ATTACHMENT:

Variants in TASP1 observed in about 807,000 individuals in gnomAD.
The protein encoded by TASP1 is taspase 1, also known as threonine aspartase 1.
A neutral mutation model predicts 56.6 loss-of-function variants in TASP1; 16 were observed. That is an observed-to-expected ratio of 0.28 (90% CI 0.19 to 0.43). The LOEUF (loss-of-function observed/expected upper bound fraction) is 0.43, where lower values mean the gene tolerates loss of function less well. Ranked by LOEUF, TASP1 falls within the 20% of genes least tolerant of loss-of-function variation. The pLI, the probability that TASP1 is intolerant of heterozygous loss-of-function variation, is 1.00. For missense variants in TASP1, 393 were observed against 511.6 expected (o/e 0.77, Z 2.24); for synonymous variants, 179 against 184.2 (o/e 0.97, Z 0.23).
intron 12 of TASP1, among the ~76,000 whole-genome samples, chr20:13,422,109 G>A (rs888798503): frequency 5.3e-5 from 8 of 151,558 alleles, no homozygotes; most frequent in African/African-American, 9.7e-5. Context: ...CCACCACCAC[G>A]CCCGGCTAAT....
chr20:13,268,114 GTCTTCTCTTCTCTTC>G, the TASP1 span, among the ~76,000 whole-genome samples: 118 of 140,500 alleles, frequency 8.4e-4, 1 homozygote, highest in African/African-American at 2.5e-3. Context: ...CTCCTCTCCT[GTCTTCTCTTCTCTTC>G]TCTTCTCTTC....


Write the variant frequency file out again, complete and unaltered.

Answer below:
Variants in TASP1 observed in about 807,000 individuals in gnomAD.
The protein encoded by TASP1 is taspase 1, also known as threonine aspartase 1.
A neutral mutation model predicts 56.6 loss-of-function variants in TASP1; 16 were observed. That is an observed-to-expected ratio of 0.28 (90% CI 0.19 to 0.43). The LOEUF (loss-of-function observed/expected upper bound fraction) is 0.43, where lower values mean the gene tolerates loss of function less well. Ranked by LOEUF, TASP1 falls within the 20% of genes least tolerant of loss-of-function variation. The pLI, the probability that TASP1 is intolerant of heterozygous loss-of-function variation, is 1.00. For missense variants in TASP1, 393 were observed against 511.6 expected (o/e 0.77, Z 2.24); for synonymous variants, 179 against 184.2 (o/e 0.97, Z 0.23).
intron 12 of TASP1, among the ~76,000 whole-genome samples, chr20:13,422,109 G>A (rs888798503): frequency 5.3e-5 from 8 of 151,558 alleles, no homozygotes; most frequent in African/African-American, 9.7e-5. Context: ...CCACCACCAC[G>A]CCCGGCTAAT....
chr20:13,268,114 GTCTTCTCTTCTCTTC>G, the TASP1 span, among the ~76,000 whole-genome samples: 118 of 140,500 alleles, frequency 8.4e-4, 1 homozygote, highest in African/African-American at 2.5e-3. Context: ...CTCCTCTCCT[GTCTTCTCTTCTCTTC>G]TCTTCTCTTC....